Helping a child with autism:tips for parents and educators

Jenny Wise


For a child on the autism spectrum, daily activities can be frightening, stressful challenges that leave parents, siblings, and educators feeling frustrated in their own abilities to help. When you want a child to feel comfortable, safe, and happy, it can be truly heartbreaking to feel helpless, and the effects of stress or anxiety can be devastating to the child. That’s why it’s so important to learn everything you can about stress-relieving practices, safety tips, and how to build social skills that will help your child feel comfortable in any situation.

Fortunately, there are many things you can do to help your child with autism feel healthy and happy on a daily basis, whether they’re relaxing at home or learning in the classroom. Being prepared can provide you both with peace of mind, especially if your child has a hard time with new situations or is nonverbal. Because it can be incredibly frustrating not to be able to vocalize, children with autism who are nonverbal often turn to self-harm or outbursts to vent their feelings, but if you have some tools in your emotional toolkit to help, it will be much easier for your child to get through any situation.

Read on for some great tips on how to get started.

Appointments

Doctor and dentist appointments can be terribly frightening for a child with autism, and can contribute to anxiety. In order to relieve some of those feelings, try taking your child to these appointments when they’re young so they have time to familiarize themselves. You can also schedule a preliminary visit to the dentist’s office so your child can look around and meet the people who will be working on his teeth. It may also be helpful to bring a favorite stuffed animal or toy that he can hold during his first appointment or to schedule a few short visits rather than a long one. Ideally, look for a dentist who has experience working with children who have ASD.

Change the way he sleeps

Many children become irritable and are unable to cope with any kind of stress when they’re tired, so it’s crucial to make sure your child is getting quality sleep. If his mattress is more than seven to 10 years old, consider replacing it. Look for one that will meet his specific needs; for instance, if he’s a hot sleeper, a gel mattress will keep him cool all night long. Making sure his bedroom is at the right temperature and that his walls, bedding, and decor are done in tranquil colors can also help facilitate restful sleep.

Look for alternatives

For many parents of children with ASD, administering medications is a fact of life. While traditional medications are both necessary and effective, there are also alternative solutions that may help your child manage their stress and anxiety. Cognitive behavioral therapy (CBT) is a historically-effective way to address communication and social challenges people with ASD commonly face, making it easier for your child to put their thoughts and feelings into words -- and for you to understand what they want and need. While CBT is time-tested, some parents are trying something new: CBD. Cannabinoid oil has helped some children with autism improve communication and reduce anxiety. If you do choose to pursue CBD, be sure to do your homework. Look for reputable suppliers who provide real testimonials, share test results, and encourage you to check with your doctor before you begin a regimen with your child.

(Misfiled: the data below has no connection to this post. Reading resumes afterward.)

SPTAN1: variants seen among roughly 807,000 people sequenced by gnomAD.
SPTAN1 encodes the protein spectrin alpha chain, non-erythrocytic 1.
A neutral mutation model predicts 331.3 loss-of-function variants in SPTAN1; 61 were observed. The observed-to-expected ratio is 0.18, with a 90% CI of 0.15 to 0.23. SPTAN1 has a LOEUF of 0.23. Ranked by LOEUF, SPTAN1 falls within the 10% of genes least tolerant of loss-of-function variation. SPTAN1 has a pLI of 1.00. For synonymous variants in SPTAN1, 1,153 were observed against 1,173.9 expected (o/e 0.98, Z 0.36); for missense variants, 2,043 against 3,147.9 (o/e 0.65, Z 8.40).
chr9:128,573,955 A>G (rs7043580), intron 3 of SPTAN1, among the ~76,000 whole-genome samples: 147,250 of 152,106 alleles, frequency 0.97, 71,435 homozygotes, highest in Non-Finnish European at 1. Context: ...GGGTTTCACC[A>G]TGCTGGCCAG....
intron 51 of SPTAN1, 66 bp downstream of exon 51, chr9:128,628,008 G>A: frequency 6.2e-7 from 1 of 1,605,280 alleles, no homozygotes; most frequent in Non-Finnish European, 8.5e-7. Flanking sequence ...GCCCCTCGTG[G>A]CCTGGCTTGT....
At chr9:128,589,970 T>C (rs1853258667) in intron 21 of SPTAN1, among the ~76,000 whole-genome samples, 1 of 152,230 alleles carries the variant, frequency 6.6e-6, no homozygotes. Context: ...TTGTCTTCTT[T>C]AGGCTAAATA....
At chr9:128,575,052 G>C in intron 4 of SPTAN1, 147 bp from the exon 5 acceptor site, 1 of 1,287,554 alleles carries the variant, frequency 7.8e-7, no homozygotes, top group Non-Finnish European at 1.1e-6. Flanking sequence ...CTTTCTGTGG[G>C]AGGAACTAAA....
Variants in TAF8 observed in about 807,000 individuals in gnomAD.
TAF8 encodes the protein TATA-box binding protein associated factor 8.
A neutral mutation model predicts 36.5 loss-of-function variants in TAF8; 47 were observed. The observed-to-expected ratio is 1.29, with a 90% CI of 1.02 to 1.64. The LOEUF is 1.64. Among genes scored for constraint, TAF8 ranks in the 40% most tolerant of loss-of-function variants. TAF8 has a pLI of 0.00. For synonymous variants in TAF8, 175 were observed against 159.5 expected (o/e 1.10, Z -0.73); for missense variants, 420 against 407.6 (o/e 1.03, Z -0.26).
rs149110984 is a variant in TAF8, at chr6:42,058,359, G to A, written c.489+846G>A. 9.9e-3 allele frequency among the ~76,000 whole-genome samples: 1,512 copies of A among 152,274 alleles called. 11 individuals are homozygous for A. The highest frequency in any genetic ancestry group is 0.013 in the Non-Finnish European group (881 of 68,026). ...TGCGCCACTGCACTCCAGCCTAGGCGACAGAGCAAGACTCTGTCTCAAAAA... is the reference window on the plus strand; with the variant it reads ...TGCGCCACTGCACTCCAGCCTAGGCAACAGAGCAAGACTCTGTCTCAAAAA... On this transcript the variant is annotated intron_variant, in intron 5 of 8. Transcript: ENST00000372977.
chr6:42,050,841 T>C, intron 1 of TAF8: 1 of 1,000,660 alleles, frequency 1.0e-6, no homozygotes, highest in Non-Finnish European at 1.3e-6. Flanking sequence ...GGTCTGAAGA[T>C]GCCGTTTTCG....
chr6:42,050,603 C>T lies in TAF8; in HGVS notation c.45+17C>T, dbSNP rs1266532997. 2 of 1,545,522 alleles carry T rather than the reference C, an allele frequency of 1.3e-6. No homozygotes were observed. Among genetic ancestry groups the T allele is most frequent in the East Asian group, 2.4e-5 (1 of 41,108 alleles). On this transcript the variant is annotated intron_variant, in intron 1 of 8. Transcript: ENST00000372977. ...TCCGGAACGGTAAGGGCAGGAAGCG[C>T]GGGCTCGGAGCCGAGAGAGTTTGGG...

Boost his social skills

You probably already know many tips for helping your child socially, but it’s important to try a few different ones to ensure he’ll understand how to interact in various situations. After all, the classroom is a very different environment from home. You might try playing pretend with your child and take turns creating stories, or teach him to ask questions by playing a game like “What’s in the bag?”

Stay patient

All parents and educators know that patience is the name of the game, but when it comes to helping a child with autism learn and stay safe, it’s also important to remember to be patient with yourself. You may feel guilty or frustrated if a method you’re trying isn’t working out the way you want, and while this is normal, it only puts pressure on you and causes stress and anxiety. As long as you keep manageable goals in mind and be patient with yourself, you and your child will find success.

Helping a child with autism flourish is one of the most wonderful and rewarding jobs a parent can have, but it's also one of the most challenging, so remember to go easy on yourself and incorporate self-care whenever you can. Remember, nothing happens overnight, but in staying educated and being an advocate for your child, you're ensuring a better life for him as he learns to navigate his autism and the world.


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